Mrs. Badri walked quickly down the narrow hallway with her bodyguard in tow, both in search for a missing Austin Legesse who excused himself for a bathroom break.

After his absence stretched to half an hour, she reluctantly left the auction in Mahmoud’s care and gestured for her bodyguard to follow. Pushing open the door and stepping onto the ramp that would lead them to the temporary campground, she slowed to a stop and gaped at the scene before her.

Tables were overturned, several tents collapsed and a handful of children roamed the grounds aimlessly. Some of the workers managed to herd as many children as possible, but the others ran back and forth, yelling at each other. It was complete disorder, and Mrs. Badri despised disorder.

“What is the meaning of this?” she demanded, her voice muffled by the ruckus. She grabbed the shoulder of a worker hurrying past, realizing belatedly it was Alice, the co-owner of Nairobi’s HopeWell Foundation. She quickly loosened her hold. “What is happening?”

“An intrusion,” Alice wheezed, trying to catch her breath.

She frowned, eyes moving over the chaotic scene. “What? Who would dare?”

“Americans,” the woman sneered and jerked a thumb over her shoulder at the young woman standing meekly beside her. “Not to worry, my people are searching all over for her.”

Mrs. Badri’s expression darkened as she turned to her bodyguard. “Find out where Mr. Legesse has wandered off to…” Then she returned her attention to Alice. “What American?”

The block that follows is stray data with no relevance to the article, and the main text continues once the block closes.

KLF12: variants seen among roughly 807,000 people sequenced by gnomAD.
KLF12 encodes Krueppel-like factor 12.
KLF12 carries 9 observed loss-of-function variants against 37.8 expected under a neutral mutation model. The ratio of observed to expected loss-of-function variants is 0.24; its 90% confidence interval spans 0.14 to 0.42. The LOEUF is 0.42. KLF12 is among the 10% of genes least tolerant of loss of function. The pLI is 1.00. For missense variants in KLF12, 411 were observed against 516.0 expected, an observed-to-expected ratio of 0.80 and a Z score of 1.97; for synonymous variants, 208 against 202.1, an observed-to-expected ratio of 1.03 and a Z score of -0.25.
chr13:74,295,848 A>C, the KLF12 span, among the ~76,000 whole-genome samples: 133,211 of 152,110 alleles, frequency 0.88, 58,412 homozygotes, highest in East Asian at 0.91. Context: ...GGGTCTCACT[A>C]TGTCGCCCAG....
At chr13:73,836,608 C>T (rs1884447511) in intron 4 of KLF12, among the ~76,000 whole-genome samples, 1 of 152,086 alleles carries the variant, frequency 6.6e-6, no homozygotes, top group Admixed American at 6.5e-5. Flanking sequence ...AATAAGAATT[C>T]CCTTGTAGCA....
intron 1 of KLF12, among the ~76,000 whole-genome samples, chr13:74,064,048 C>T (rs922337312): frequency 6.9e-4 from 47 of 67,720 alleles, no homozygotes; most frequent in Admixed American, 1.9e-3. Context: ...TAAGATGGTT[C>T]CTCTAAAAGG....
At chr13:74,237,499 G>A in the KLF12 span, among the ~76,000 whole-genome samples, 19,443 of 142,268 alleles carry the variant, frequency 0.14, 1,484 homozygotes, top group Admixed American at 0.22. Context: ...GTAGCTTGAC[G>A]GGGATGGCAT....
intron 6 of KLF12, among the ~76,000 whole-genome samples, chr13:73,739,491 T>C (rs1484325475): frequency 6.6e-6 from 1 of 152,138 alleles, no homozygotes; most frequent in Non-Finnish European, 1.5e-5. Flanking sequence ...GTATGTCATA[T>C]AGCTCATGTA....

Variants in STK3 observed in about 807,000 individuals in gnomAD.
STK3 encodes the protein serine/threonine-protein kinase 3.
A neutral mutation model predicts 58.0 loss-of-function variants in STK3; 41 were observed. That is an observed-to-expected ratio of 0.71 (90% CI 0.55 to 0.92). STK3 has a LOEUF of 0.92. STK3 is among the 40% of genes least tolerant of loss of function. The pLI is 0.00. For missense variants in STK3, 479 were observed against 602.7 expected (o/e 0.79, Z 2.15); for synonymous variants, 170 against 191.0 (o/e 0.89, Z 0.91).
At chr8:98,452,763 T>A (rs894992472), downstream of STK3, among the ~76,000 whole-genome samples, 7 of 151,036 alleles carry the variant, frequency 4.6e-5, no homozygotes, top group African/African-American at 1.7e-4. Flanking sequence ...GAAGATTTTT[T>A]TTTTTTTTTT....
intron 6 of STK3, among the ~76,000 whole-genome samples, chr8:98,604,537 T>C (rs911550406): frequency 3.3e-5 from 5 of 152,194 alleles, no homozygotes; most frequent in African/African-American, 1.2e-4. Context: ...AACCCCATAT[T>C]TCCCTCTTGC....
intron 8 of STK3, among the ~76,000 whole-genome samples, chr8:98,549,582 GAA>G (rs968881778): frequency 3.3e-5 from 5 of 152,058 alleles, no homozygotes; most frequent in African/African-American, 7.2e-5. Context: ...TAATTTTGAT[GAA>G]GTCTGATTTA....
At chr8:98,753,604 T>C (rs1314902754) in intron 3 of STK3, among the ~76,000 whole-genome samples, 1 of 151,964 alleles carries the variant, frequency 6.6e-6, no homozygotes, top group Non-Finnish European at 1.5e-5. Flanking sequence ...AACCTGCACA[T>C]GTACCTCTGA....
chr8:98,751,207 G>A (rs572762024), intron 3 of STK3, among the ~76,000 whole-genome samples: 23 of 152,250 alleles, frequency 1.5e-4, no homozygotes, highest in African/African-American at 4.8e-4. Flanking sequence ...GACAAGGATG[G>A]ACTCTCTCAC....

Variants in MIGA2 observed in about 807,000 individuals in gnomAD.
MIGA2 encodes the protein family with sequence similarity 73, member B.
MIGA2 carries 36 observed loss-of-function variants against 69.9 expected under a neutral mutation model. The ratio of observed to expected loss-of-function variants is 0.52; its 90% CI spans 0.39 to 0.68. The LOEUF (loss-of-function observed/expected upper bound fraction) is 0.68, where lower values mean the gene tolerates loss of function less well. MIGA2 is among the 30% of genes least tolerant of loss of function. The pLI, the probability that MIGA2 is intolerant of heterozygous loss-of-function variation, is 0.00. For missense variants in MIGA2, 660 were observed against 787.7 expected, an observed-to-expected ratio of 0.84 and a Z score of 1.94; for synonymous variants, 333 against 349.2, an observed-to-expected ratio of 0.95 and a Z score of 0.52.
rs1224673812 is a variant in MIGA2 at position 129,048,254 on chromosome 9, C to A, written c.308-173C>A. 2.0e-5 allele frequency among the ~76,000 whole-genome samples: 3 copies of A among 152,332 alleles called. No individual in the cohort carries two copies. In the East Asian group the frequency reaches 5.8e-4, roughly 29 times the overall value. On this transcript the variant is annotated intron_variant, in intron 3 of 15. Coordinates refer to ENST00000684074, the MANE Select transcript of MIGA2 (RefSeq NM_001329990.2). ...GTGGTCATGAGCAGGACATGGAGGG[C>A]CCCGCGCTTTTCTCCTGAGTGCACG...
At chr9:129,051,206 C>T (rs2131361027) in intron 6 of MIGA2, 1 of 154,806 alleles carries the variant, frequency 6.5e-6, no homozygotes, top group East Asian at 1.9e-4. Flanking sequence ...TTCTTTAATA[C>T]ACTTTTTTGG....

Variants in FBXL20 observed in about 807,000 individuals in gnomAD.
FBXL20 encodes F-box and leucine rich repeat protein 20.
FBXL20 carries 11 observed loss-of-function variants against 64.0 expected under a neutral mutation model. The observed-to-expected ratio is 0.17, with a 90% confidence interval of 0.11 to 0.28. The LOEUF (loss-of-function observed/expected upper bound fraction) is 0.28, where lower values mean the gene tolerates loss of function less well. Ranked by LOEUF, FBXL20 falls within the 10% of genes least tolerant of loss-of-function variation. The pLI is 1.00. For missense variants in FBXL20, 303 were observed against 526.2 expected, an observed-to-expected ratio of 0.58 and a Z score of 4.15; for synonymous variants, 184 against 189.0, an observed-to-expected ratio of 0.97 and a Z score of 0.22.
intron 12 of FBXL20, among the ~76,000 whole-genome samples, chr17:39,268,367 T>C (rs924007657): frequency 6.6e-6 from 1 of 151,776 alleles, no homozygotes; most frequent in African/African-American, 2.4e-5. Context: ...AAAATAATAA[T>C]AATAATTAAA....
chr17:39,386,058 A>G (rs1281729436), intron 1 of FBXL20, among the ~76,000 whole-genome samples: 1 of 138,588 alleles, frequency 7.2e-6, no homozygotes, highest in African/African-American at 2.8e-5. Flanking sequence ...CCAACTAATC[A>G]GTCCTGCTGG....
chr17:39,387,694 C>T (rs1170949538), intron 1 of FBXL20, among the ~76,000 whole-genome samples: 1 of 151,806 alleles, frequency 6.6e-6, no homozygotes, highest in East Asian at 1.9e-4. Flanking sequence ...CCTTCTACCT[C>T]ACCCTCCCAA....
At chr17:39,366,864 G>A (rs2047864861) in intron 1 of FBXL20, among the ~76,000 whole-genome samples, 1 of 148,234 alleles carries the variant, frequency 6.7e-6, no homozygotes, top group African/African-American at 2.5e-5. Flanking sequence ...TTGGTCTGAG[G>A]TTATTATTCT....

Alice swallowed air. “A pesky nurse from Nairobi.”

“Nairobi? You brought her here?!”

“Not quite…” Her gaze shifted over Mrs. Badri’s shoulder. “We will take care of it.”

“You better or you will pay dearly for this,” Mrs Badri said and with one condescending glare, turned away.

Alice waited for Mrs. Badri to stomp back toward the church before she scoffed in disgust. “Entitled witch…” She then turned to a silent Petra. “Return to the tent immediately.”

Petra retreated to the Quarantine tent and Alice hurried to help the workers gather the wandering children. Two shadowed figures dashed past the tent and toward the trees. One of the pair tripped over and the other backtracked to aid his comrade before the two continued their hastened retreat to the bushes.

Karen tugged her hand from Clement’s and bent over her knees, gasping for air.

Clement rounded her bent form to peek through the tree curtain hiding them from view. They had the advantage of seeing the camp and the workers running about like headless chickens. “Coast is clear. Let’s go.”

“Hold on.” Karen groaned. “This is… crazy.”

“I did tell you to stay in the van and wait.”

“Shush.” Karen straightened and stretched her back. “Where are we going?”

“The tent nearest the church.” Clement peeked out once more. “There are too many people. Let’s wait a while.”

“Thank God,” Karen said, lowering to a squat. Instantly, she hissed in pain and dropped to the floor on her bottom. Straightening her right leg, she cradled her foot.

“It’s probably sprained,” Clement muttered, squatting beside her. “We need to wrap it,” he said, placing his hands under hers. “Give me your scarf.”

“But it’s my disguise,” Karen protested weakly as she loosened the veil from her neck and held it out.

“They’re either looking for Karen Wells and whoever you’re supposed to be in this getup, so we’ll have to change your outfit.” He gently lowered her foot and shrugged off his suit jacket, then began unbuttoning his shirt.

“Whoa!” Karen averted her gaze and squeezed her eyes shut. “W-what are you doing?”

“Relax,” Clement muttered, pulling off the dress shirt to reveal a white fitted tee underneath. “Put this on.”

Karen warily regarded the shirt he dropped over her knees. “W-why?”